Kilmainham Gaol is now just a museum, but in 1796 when it was built, it was a jail for men, women and children who committed all sorts of crimes. There was no segregation between the prisoners, which obviously caused violence and led to really poor conditions. It wasn’t until the 1950s that the jail was reformed to separate the prisoners into individual cells. This idea was brand new and innovative for that time, which is hard for us to believe today because it seems so logical to keep people away from each other, especially those who are potentially violent.
The way the jail cells are laid out was also innovative for that time. The Victorian Wing, or the East Wing, was a large oval room is open in the middle with the cells all the way around. It was three floors with access to each floor by a main staircase in the middle of the large room for the guards, and a small spiral staircase that was used by the prisoners. The set up of the room was so that the guards to see everything that was happening.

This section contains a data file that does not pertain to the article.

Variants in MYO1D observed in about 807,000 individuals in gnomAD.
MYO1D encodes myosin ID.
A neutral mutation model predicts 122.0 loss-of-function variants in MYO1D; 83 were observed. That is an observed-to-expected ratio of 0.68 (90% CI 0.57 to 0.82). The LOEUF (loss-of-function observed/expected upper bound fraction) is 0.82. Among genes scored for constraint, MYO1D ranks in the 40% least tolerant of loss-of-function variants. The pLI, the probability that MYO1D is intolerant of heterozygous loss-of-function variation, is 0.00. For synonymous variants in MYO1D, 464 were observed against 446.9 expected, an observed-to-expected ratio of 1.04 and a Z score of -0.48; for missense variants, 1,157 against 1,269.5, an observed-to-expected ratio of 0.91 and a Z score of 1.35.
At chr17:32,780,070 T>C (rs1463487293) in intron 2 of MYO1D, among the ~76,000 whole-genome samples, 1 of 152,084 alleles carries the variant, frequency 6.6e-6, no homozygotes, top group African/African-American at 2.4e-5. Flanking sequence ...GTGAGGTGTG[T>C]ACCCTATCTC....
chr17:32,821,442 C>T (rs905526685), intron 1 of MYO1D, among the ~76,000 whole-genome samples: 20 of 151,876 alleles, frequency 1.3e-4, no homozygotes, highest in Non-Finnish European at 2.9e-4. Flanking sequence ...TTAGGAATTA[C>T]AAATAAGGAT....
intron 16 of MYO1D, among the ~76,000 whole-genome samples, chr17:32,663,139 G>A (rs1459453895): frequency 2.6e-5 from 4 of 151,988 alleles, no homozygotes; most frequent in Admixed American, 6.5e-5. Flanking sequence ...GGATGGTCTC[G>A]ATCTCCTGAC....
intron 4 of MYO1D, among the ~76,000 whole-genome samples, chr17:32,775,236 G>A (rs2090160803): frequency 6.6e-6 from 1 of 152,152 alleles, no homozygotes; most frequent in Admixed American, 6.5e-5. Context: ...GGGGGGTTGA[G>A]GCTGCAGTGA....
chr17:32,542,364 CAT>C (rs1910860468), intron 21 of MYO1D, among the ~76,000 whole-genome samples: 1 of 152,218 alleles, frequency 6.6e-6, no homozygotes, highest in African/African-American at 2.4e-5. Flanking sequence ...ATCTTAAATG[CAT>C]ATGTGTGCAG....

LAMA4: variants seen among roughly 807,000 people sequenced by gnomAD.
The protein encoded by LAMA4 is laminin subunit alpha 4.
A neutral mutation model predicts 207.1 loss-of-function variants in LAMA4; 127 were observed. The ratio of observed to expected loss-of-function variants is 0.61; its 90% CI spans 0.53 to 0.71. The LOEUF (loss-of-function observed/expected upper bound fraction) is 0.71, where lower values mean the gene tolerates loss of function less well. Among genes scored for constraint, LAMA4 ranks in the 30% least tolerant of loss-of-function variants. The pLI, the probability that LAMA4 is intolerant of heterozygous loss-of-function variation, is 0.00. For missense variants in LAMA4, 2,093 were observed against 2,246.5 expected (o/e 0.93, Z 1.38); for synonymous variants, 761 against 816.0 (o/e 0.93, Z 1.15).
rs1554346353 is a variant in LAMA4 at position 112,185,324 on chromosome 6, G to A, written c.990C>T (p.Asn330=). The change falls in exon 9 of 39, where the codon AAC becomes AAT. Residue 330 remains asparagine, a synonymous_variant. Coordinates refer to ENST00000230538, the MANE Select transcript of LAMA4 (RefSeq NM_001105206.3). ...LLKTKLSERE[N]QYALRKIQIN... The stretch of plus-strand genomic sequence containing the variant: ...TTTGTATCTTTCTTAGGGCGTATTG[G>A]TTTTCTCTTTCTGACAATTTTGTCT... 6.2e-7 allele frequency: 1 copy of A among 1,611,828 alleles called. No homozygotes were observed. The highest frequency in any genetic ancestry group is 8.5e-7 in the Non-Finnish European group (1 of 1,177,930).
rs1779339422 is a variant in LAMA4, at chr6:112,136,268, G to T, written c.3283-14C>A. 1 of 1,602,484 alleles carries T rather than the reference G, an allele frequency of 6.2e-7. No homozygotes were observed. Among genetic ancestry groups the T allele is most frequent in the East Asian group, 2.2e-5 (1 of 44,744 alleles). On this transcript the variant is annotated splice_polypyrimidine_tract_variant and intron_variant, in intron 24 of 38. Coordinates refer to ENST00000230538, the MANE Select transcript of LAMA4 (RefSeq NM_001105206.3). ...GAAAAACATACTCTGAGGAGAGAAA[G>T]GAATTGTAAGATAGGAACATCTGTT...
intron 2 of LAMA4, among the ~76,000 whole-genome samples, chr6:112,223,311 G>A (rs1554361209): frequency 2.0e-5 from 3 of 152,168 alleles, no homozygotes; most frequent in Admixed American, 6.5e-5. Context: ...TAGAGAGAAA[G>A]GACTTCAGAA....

The prisoners that were held at Kilmainham are one of the most interesting parts of the history. Many of the Irish nationalist leaders were imprisoned there including Daniel O’Connell and Michael Collins. It was also used to hold prisoners during the Irish War of Independence. There were so many stories that the tour guide told that were almost hard to imagine happening because it was difficult to see it as a functioning jail. Kilmainham was decommissioned in 1924 and was eventually turned into a museum.